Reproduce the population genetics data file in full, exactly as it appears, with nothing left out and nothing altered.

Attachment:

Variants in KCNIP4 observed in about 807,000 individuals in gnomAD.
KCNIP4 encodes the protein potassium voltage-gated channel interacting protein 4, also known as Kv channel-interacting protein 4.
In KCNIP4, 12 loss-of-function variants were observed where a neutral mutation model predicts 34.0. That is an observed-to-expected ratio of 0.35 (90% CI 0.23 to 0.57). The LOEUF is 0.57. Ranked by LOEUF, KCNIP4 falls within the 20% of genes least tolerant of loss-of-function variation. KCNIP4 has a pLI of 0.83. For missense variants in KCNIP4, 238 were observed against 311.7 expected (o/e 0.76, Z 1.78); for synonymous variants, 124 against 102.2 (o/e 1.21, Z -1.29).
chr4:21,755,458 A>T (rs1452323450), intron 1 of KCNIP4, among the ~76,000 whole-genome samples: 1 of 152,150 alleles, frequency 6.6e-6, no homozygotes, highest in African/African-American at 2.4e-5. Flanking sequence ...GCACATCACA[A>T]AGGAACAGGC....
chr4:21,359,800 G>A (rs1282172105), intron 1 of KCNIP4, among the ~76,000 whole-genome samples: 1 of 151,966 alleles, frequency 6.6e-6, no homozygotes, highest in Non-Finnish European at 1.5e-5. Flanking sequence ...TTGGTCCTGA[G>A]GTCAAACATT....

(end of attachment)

Variants in KCNIP4 observed in about 807,000 individuals in gnomAD.
KCNIP4 encodes the protein potassium voltage-gated channel interacting protein 4, also known as Kv channel-interacting protein 4.
In KCNIP4, 12 loss-of-function variants were observed where a neutral mutation model predicts 34.0. That is an observed-to-expected ratio of 0.35 (90% CI 0.23 to 0.57). The LOEUF is 0.57. Ranked by LOEUF, KCNIP4 falls within the 20% of genes least tolerant of loss-of-function variation. KCNIP4 has a pLI of 0.83. For missense variants in KCNIP4, 238 were observed against 311.7 expected (o/e 0.76, Z 1.78); for synonymous variants, 124 against 102.2 (o/e 1.21, Z -1.29).
chr4:21,755,458 A>T (rs1452323450), intron 1 of KCNIP4, among the ~76,000 whole-genome samples: 1 of 152,150 alleles, frequency 6.6e-6, no homozygotes, highest in African/African-American at 2.4e-5. Flanking sequence ...GCACATCACA[A>T]AGGAACAGGC....
chr4:21,359,800 G>A (rs1282172105), intron 1 of KCNIP4, among the ~76,000 whole-genome samples: 1 of 151,966 alleles, frequency 6.6e-6, no homozygotes, highest in Non-Finnish European at 1.5e-5. Flanking sequence ...TTGGTCCTGA[G>A]GTCAAACATT....